Moderated by researchers Subodha Kumar, Paul R. Anderson Distinguished Professor of Marketing and Supply Chain Management and Ram Mudambi, Frank M. Speakman Professor of Strategy, the event offered healthcare and biopharma executives opportunities to learn practical insights about their industries.  With a focus on community engagement and research leadership, the Philadelphia Healthcare Hub demonstrates the power of the Fox School’s strategic planning efforts to inspire high-level change. 

Are you interested in uniting industry leaders and research experts to advance the future of healthcare and biopharmaceuticals? Join us on April 3 for the second symposium on innovations and challenges in the innovation ecosystem.  

Sign up here for upcoming events and information.

A study measuring the impact of pharmaceutical commercial operations on company performance finds that strategic investment in commercial innovation, linked with an aligned and responsive culture of execution, can produce positive results.

The study, “What Makes More Better? An Exploratory Study on the Effects of Firm-Level Commercial Operations Attributes on Pharmaceutical Business Performance,” appears in the current issue of the Journal of Medical Marketing.

Authored by Dr. George A. Chressanthis, Professor of Healthcare Management and Marketing at Temple University’s Fox School of Business, the independent study was funded through an unrestricted grant from TGaS Advisors, a benchmarking and advisory services firm for pharmaceutical operations. Dr. Eric M. Eisenstein, Assistant Professor of Marketing and Supply Chain Management at the Fox School, and Dr. Patrick A. Barbro, of the Rohrer School of Business at Rowan University, are the study’s co-authors.

According to Chressanthis, this is the first such independent research study on the effects of qualitative and quantitative measures of commercial operations on business performance. “The depth and breadth of the TGaS database, together with their qualitative insights, made the study possible,” he said.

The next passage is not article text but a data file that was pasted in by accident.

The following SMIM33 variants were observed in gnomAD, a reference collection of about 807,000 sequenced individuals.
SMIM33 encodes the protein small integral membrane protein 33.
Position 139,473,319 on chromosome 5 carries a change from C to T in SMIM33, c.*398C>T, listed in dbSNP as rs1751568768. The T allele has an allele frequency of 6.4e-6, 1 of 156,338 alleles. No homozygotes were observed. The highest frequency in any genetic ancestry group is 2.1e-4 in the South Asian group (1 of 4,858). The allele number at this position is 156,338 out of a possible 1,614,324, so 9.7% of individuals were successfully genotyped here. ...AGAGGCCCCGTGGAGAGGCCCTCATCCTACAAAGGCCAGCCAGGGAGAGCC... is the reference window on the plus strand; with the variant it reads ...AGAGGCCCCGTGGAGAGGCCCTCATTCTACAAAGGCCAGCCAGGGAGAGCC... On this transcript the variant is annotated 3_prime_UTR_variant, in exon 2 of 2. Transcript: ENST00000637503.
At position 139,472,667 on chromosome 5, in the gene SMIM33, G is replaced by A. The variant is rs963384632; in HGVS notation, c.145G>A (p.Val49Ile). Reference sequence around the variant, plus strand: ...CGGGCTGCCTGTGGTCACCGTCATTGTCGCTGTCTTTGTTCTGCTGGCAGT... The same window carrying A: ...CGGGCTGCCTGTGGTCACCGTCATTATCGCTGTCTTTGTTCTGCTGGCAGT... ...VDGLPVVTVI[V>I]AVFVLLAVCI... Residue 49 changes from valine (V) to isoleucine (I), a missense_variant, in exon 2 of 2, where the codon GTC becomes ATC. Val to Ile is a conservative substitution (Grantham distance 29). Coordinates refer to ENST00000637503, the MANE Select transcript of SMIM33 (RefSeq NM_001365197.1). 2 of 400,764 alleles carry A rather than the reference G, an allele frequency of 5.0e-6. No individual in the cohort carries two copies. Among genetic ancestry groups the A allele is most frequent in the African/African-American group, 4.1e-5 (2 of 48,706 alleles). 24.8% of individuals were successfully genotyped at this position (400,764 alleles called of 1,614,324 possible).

Chressanthis says that today’s pharmaceutical environment requires companies to think holistically from the earliest stages of clinical development about the value-based assessment of new drugs. The researcher concludes that “strategic investments in commercial operations can help companies bring drugs to market faster while clearly demonstrating value important to key stakeholders.” Chressanthis compares the underlying culture required for this to a “fertile field” where innovation coupled with execution lays the foundation, noting they operate synergistically to affect business performance.

“Companies that are commercially innovative but do not have the ability to execute strategic policies will not be effective. Likewise, companies that are commercially aligned but without innovative business strategies to execute will also not be effective,” he said.

The study draws on TGaS Advisors’ proprietary commercial operations dataset using anonymized data from 26 large, medium and specialty pharmaceutical companies and interviews with TGaS operations professionals. Findings and recommendations were developed independently of TGaS.

“We commissioned this study as an investment in our commercial operations partners,” said TGaS President Gary McWalters. “It provides independent confirmation of what we’ve learned from more than a decade of engagement on the operational side and makes the case for strategic investment in innovation linked to execution.”